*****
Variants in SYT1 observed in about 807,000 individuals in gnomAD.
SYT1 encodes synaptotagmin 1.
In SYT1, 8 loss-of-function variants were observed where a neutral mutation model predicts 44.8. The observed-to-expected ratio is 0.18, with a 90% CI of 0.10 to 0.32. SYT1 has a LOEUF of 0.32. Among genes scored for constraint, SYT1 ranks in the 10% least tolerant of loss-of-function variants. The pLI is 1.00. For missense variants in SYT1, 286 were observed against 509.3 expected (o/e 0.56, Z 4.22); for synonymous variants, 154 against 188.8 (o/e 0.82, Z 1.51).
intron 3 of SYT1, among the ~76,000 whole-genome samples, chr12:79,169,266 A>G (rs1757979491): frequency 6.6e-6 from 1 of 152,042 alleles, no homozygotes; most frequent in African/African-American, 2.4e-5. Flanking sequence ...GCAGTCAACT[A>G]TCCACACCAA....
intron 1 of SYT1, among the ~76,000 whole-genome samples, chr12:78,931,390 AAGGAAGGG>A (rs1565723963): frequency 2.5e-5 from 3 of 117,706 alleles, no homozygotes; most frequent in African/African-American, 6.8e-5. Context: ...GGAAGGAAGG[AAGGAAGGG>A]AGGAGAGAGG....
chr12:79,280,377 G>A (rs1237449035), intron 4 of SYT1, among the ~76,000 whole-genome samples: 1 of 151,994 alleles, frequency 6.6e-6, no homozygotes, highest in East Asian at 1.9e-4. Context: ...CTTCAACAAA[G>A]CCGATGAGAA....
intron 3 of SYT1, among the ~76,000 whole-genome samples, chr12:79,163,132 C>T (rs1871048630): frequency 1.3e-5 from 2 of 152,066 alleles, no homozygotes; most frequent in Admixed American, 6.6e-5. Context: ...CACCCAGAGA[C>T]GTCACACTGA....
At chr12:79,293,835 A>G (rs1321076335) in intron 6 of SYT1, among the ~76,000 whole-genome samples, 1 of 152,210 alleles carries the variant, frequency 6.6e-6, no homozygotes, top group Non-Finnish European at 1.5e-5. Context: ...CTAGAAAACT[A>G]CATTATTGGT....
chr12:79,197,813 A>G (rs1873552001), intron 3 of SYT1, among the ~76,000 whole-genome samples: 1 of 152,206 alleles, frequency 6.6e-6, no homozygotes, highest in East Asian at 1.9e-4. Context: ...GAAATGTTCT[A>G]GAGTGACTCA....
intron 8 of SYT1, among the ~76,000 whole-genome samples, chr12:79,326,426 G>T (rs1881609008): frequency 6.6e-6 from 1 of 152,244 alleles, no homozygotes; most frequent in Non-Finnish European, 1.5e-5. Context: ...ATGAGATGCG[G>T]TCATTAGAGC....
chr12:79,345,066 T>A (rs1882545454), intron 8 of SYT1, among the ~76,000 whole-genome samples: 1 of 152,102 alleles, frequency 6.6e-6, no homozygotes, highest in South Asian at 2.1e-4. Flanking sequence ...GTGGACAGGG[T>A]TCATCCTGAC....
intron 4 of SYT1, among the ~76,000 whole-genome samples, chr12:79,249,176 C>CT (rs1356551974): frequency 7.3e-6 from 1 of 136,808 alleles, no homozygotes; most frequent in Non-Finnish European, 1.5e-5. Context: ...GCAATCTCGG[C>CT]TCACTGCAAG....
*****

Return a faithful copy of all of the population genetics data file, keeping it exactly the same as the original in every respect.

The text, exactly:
Variants in SYT1 observed in about 807,000 individuals in gnomAD.
SYT1 encodes synaptotagmin 1.
In SYT1, 8 loss-of-function variants were observed where a neutral mutation model predicts 44.8. The observed-to-expected ratio is 0.18, with a 90% CI of 0.10 to 0.32. SYT1 has a LOEUF of 0.32. Among genes scored for constraint, SYT1 ranks in the 10% least tolerant of loss-of-function variants. The pLI is 1.00. For missense variants in SYT1, 286 were observed against 509.3 expected (o/e 0.56, Z 4.22); for synonymous variants, 154 against 188.8 (o/e 0.82, Z 1.51).
intron 3 of SYT1, among the ~76,000 whole-genome samples, chr12:79,169,266 A>G (rs1757979491): frequency 6.6e-6 from 1 of 152,042 alleles, no homozygotes; most frequent in African/African-American, 2.4e-5. Flanking sequence ...GCAGTCAACT[A>G]TCCACACCAA....
intron 1 of SYT1, among the ~76,000 whole-genome samples, chr12:78,931,390 AAGGAAGGG>A (rs1565723963): frequency 2.5e-5 from 3 of 117,706 alleles, no homozygotes; most frequent in African/African-American, 6.8e-5. Context: ...GGAAGGAAGG[AAGGAAGGG>A]AGGAGAGAGG....
chr12:79,280,377 G>A (rs1237449035), intron 4 of SYT1, among the ~76,000 whole-genome samples: 1 of 151,994 alleles, frequency 6.6e-6, no homozygotes, highest in East Asian at 1.9e-4. Context: ...CTTCAACAAA[G>A]CCGATGAGAA....
intron 3 of SYT1, among the ~76,000 whole-genome samples, chr12:79,163,132 C>T (rs1871048630): frequency 1.3e-5 from 2 of 152,066 alleles, no homozygotes; most frequent in Admixed American, 6.6e-5. Context: ...CACCCAGAGA[C>T]GTCACACTGA....
At chr12:79,293,835 A>G (rs1321076335) in intron 6 of SYT1, among the ~76,000 whole-genome samples, 1 of 152,210 alleles carries the variant, frequency 6.6e-6, no homozygotes, top group Non-Finnish European at 1.5e-5. Context: ...CTAGAAAACT[A>G]CATTATTGGT....
chr12:79,197,813 A>G (rs1873552001), intron 3 of SYT1, among the ~76,000 whole-genome samples: 1 of 152,206 alleles, frequency 6.6e-6, no homozygotes, highest in East Asian at 1.9e-4. Context: ...GAAATGTTCT[A>G]GAGTGACTCA....
intron 8 of SYT1, among the ~76,000 whole-genome samples, chr12:79,326,426 G>T (rs1881609008): frequency 6.6e-6 from 1 of 152,244 alleles, no homozygotes; most frequent in Non-Finnish European, 1.5e-5. Context: ...ATGAGATGCG[G>T]TCATTAGAGC....
chr12:79,345,066 T>A (rs1882545454), intron 8 of SYT1, among the ~76,000 whole-genome samples: 1 of 152,102 alleles, frequency 6.6e-6, no homozygotes, highest in South Asian at 2.1e-4. Flanking sequence ...GTGGACAGGG[T>A]TCATCCTGAC....
intron 4 of SYT1, among the ~76,000 whole-genome samples, chr12:79,249,176 C>CT (rs1356551974): frequency 7.3e-6 from 1 of 136,808 alleles, no homozygotes; most frequent in Non-Finnish European, 1.5e-5. Context: ...GCAATCTCGG[C>CT]TCACTGCAAG....